230 S.C. 525 (1957)

96 S.E.2d 555


Supreme Court of South Carolina.

February 12, 1957.

Attorney(s) appearing for the Case

Messrs. A.C. Todd, of Greenwood and Sam R. Watt and Chester D. Ward, Jr., of Spartanburg, for Appellant.

Messrs. Carlisle, Brown & Carlisle, of Spartanburg, for Respondent.

February 12, 1957.

E.H. HENDERSON, Acting Associate Justice.

This case is about a collision at a railroad crossing, and deals with the law of contributory negligence and proof of actual damages.

On July 29, 1954, the respondent was driving his large tractor and trailer in an easterly direction on West Henry street, in the city of Spartanburg. This is the truck route of the important highway number 29. Going up a slight grade he approached the three tracks of the appellant railway company. A switching engine was moving backward in a southerly direction on the main or center track, pulling behind it six freight cars. The respondent's tractor, in which he was sitting, cleared the main line, and the collision took place between the front of the locomotive and a point about fifteen feet from the back of the trailer.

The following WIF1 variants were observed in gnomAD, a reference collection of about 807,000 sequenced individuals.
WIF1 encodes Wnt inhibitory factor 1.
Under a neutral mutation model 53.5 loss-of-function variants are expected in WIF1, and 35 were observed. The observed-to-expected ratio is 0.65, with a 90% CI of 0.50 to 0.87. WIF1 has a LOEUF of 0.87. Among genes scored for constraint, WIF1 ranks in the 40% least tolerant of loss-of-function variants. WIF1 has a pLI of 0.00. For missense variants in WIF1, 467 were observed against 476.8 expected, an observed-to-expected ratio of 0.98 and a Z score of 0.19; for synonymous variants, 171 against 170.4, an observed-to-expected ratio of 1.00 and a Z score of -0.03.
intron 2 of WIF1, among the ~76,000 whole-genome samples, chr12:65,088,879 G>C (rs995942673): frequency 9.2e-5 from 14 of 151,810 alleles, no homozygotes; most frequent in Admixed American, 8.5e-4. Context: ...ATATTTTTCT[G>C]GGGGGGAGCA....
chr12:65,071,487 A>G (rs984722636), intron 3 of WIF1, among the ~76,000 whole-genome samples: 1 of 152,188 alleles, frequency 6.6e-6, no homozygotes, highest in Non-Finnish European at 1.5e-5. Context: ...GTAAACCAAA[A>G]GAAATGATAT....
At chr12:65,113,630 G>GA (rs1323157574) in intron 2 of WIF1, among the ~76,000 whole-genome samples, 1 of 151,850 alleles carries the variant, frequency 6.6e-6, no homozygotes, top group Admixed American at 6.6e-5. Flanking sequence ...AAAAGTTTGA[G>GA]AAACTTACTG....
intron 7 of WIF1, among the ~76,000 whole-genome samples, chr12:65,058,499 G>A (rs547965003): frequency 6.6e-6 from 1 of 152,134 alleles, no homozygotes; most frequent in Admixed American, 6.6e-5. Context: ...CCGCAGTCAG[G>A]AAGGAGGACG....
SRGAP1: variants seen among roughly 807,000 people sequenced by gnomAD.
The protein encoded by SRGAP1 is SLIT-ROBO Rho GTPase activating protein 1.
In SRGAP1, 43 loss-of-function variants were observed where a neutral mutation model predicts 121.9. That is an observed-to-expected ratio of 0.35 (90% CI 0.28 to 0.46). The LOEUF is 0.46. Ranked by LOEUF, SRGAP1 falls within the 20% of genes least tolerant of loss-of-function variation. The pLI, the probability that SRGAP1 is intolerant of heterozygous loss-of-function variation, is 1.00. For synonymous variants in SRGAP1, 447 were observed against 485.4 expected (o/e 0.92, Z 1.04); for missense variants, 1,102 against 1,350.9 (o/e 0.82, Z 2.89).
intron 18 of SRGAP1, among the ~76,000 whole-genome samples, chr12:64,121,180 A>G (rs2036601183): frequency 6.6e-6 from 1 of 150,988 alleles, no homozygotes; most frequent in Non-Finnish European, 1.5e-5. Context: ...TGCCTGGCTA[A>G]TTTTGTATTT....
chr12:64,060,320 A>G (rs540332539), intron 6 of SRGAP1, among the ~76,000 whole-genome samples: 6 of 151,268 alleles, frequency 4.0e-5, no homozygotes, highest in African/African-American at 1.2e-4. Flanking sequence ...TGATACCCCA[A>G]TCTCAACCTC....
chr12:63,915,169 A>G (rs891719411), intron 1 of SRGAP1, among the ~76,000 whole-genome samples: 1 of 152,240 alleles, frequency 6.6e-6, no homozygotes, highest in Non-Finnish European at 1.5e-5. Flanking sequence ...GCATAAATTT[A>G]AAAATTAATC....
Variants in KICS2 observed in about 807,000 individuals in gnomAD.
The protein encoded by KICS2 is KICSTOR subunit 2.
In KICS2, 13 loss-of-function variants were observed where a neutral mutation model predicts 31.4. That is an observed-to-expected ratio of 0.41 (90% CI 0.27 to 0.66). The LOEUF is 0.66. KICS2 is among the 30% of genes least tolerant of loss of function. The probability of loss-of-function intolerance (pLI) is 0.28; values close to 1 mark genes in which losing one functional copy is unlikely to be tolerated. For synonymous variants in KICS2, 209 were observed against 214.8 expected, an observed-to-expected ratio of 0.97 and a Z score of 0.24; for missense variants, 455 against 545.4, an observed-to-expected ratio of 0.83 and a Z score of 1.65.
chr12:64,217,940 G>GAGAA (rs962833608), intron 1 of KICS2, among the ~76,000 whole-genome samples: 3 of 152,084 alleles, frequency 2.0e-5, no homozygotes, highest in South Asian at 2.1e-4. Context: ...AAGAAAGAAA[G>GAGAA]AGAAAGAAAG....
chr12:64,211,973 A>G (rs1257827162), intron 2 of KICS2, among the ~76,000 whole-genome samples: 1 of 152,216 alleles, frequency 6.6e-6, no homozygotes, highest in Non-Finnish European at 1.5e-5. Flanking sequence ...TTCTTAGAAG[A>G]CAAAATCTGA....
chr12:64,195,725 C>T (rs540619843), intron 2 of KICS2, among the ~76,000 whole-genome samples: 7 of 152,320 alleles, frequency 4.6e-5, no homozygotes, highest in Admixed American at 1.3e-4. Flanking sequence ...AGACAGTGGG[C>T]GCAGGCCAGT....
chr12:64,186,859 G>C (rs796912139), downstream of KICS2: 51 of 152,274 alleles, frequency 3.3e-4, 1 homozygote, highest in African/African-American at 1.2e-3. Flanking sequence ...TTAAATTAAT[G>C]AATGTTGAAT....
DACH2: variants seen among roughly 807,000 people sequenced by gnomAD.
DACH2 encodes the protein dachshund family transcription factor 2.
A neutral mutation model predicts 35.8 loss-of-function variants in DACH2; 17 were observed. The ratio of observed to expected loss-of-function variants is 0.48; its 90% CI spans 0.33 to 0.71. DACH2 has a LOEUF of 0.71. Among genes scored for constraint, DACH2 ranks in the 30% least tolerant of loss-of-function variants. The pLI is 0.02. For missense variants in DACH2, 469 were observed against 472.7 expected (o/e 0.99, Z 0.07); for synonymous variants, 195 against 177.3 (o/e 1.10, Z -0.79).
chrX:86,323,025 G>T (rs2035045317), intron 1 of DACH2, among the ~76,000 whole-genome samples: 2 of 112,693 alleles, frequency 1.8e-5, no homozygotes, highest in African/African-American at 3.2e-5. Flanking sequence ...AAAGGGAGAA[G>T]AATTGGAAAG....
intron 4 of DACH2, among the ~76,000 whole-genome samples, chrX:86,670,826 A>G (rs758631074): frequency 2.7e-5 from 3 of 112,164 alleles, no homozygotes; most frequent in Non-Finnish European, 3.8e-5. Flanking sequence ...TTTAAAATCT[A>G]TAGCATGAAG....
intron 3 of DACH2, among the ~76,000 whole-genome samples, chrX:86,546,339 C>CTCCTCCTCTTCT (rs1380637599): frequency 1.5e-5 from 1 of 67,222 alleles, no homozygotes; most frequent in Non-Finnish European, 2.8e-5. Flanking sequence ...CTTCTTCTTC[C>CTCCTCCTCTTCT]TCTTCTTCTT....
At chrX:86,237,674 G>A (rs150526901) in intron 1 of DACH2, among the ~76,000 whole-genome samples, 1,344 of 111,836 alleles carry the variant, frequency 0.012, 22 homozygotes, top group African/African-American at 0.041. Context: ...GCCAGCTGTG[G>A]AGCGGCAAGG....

The appellant moved for a nonsuit, and later for a directed verdict, on the ground that the evidence showed that the respondent was guilty of gross negligence and wilfulness. These motions were overruled, and the jury found a verdict for the respondent, for $1,006.08 actual damages, and $2,493.92 punitive damages.

There was some evidence that the bell on the engine was not ringing as required by section 58-743 of the code. The city ordinance prohibited the blowing of the whistle. McAbee v. Southern Railway Company, 166 S.C. 166, S.E. 44. So in view of the evidence of failure to ring the bell, it was incumbent upon the appellant to show that the respondent, in addition to mere want of ordinary care, was guilty of "`gross or wilful negligence, * * * and that such gross or wilful negligence * * * contributed to the injury'." Ford v. Atlantic Coast Line Railroad Company, 169 S.C. 41, 168 S.E. 143, 159, code, section 58-1004.